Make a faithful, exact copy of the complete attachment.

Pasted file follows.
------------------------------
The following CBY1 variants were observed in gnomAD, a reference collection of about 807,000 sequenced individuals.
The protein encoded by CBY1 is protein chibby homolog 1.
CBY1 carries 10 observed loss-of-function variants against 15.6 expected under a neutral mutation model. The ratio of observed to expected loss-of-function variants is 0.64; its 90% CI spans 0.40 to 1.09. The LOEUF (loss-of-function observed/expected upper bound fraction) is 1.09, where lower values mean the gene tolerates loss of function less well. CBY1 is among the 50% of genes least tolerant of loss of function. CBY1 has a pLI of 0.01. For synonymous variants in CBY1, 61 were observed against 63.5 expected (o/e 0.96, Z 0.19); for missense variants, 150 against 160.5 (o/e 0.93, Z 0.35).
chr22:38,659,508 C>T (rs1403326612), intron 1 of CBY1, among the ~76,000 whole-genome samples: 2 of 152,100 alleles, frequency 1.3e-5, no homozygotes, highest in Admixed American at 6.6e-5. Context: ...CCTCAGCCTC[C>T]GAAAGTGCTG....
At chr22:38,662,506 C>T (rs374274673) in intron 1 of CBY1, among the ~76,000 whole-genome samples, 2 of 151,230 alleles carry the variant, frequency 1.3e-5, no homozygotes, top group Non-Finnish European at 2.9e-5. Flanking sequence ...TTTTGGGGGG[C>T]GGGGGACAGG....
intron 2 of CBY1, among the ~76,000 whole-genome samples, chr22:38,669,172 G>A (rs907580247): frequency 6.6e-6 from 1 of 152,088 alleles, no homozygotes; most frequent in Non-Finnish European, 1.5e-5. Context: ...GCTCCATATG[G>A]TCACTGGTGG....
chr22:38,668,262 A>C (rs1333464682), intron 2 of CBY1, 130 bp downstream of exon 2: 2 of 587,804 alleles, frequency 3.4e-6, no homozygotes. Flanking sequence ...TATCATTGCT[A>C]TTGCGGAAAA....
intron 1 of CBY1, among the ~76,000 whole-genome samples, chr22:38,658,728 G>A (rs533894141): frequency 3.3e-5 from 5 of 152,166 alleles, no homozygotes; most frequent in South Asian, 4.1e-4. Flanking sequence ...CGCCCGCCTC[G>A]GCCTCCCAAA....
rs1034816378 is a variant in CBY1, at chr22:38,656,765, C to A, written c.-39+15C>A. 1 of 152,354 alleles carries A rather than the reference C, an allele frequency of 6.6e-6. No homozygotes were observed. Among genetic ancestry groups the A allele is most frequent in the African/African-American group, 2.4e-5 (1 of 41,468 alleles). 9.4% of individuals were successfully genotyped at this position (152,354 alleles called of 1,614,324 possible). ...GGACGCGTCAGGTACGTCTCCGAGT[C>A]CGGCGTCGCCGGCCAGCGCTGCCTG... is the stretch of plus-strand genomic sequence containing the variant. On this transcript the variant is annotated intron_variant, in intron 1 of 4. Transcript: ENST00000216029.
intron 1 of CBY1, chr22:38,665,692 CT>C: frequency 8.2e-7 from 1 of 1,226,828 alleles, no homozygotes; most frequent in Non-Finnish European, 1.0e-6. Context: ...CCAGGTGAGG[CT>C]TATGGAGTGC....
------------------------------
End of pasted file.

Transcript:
The following CBY1 variants were observed in gnomAD, a reference collection of about 807,000 sequenced individuals.
The protein encoded by CBY1 is protein chibby homolog 1.
CBY1 carries 10 observed loss-of-function variants against 15.6 expected under a neutral mutation model. The ratio of observed to expected loss-of-function variants is 0.64; its 90% CI spans 0.40 to 1.09. The LOEUF (loss-of-function observed/expected upper bound fraction) is 1.09, where lower values mean the gene tolerates loss of function less well. CBY1 is among the 50% of genes least tolerant of loss of function. CBY1 has a pLI of 0.01. For synonymous variants in CBY1, 61 were observed against 63.5 expected (o/e 0.96, Z 0.19); for missense variants, 150 against 160.5 (o/e 0.93, Z 0.35).
chr22:38,659,508 C>T (rs1403326612), intron 1 of CBY1, among the ~76,000 whole-genome samples: 2 of 152,100 alleles, frequency 1.3e-5, no homozygotes, highest in Admixed American at 6.6e-5. Context: ...CCTCAGCCTC[C>T]GAAAGTGCTG....
At chr22:38,662,506 C>T (rs374274673) in intron 1 of CBY1, among the ~76,000 whole-genome samples, 2 of 151,230 alleles carry the variant, frequency 1.3e-5, no homozygotes, top group Non-Finnish European at 2.9e-5. Flanking sequence ...TTTTGGGGGG[C>T]GGGGGACAGG....
intron 2 of CBY1, among the ~76,000 whole-genome samples, chr22:38,669,172 G>A (rs907580247): frequency 6.6e-6 from 1 of 152,088 alleles, no homozygotes; most frequent in Non-Finnish European, 1.5e-5. Context: ...GCTCCATATG[G>A]TCACTGGTGG....
chr22:38,668,262 A>C (rs1333464682), intron 2 of CBY1, 130 bp downstream of exon 2: 2 of 587,804 alleles, frequency 3.4e-6, no homozygotes. Flanking sequence ...TATCATTGCT[A>C]TTGCGGAAAA....
intron 1 of CBY1, among the ~76,000 whole-genome samples, chr22:38,658,728 G>A (rs533894141): frequency 3.3e-5 from 5 of 152,166 alleles, no homozygotes; most frequent in South Asian, 4.1e-4. Flanking sequence ...CGCCCGCCTC[G>A]GCCTCCCAAA....
rs1034816378 is a variant in CBY1, at chr22:38,656,765, C to A, written c.-39+15C>A. 1 of 152,354 alleles carries A rather than the reference C, an allele frequency of 6.6e-6. No homozygotes were observed. Among genetic ancestry groups the A allele is most frequent in the African/African-American group, 2.4e-5 (1 of 41,468 alleles). 9.4% of individuals were successfully genotyped at this position (152,354 alleles called of 1,614,324 possible). ...GGACGCGTCAGGTACGTCTCCGAGT[C>A]CGGCGTCGCCGGCCAGCGCTGCCTG... is the stretch of plus-strand genomic sequence containing the variant. On this transcript the variant is annotated intron_variant, in intron 1 of 4. Transcript: ENST00000216029.
intron 1 of CBY1, chr22:38,665,692 CT>C: frequency 8.2e-7 from 1 of 1,226,828 alleles, no homozygotes; most frequent in Non-Finnish European, 1.0e-6. Context: ...CCAGGTGAGG[CT>C]TATGGAGTGC....